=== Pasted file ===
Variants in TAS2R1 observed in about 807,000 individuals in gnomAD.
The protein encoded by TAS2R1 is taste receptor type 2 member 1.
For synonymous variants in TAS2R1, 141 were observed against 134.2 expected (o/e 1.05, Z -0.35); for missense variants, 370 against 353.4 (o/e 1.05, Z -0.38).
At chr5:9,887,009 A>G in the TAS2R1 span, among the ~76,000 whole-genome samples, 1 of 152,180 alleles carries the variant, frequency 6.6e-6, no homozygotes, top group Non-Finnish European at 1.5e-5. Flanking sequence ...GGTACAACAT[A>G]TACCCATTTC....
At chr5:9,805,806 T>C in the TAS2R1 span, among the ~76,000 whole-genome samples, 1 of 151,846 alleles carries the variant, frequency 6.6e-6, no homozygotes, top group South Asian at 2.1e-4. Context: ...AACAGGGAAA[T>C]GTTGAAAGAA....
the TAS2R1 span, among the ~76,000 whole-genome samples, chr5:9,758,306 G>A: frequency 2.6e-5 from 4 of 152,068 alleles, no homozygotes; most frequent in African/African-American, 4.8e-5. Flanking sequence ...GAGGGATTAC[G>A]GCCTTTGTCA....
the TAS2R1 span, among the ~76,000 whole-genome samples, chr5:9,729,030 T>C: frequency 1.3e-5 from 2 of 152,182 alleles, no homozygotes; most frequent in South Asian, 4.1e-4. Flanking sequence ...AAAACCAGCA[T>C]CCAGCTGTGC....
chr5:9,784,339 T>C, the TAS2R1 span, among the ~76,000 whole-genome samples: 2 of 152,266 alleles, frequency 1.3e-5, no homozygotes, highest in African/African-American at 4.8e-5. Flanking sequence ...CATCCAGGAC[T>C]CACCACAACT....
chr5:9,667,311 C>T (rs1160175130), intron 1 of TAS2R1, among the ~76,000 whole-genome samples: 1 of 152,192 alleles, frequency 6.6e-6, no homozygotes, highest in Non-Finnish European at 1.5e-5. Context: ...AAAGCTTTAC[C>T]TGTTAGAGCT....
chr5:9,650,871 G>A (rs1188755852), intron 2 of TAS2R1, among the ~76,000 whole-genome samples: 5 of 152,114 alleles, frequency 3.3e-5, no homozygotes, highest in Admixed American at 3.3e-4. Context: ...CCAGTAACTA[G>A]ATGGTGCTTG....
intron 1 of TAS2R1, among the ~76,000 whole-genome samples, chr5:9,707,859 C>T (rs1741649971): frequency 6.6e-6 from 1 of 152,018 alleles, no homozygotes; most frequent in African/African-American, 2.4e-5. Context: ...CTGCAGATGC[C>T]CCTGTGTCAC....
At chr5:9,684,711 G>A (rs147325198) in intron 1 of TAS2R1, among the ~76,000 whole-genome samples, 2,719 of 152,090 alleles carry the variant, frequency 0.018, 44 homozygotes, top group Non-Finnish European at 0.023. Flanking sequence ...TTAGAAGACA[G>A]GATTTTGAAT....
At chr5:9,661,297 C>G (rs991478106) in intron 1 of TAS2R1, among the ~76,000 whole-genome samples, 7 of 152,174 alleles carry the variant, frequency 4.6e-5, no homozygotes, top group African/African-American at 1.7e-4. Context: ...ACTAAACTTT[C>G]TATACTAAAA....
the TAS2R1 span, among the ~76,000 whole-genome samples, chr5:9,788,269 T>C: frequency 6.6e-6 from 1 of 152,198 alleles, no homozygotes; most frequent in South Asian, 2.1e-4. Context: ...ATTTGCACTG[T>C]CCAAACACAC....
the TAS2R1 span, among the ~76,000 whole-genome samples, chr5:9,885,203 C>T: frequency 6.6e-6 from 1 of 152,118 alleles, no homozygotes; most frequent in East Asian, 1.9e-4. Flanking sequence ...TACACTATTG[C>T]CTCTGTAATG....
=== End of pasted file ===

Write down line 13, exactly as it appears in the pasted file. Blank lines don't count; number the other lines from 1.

At chr5:9,661,297 C>G (rs991478106) in intron 1 of TAS2R1, among the ~76,000 whole-genome samples, 7 of 152,174 alleles carry the variant, frequency 4.6e-5, no homozygotes, top group African/African-American at 1.7e-4. Context: ...ACTAAACTTT[C>G]TATACTAAAA....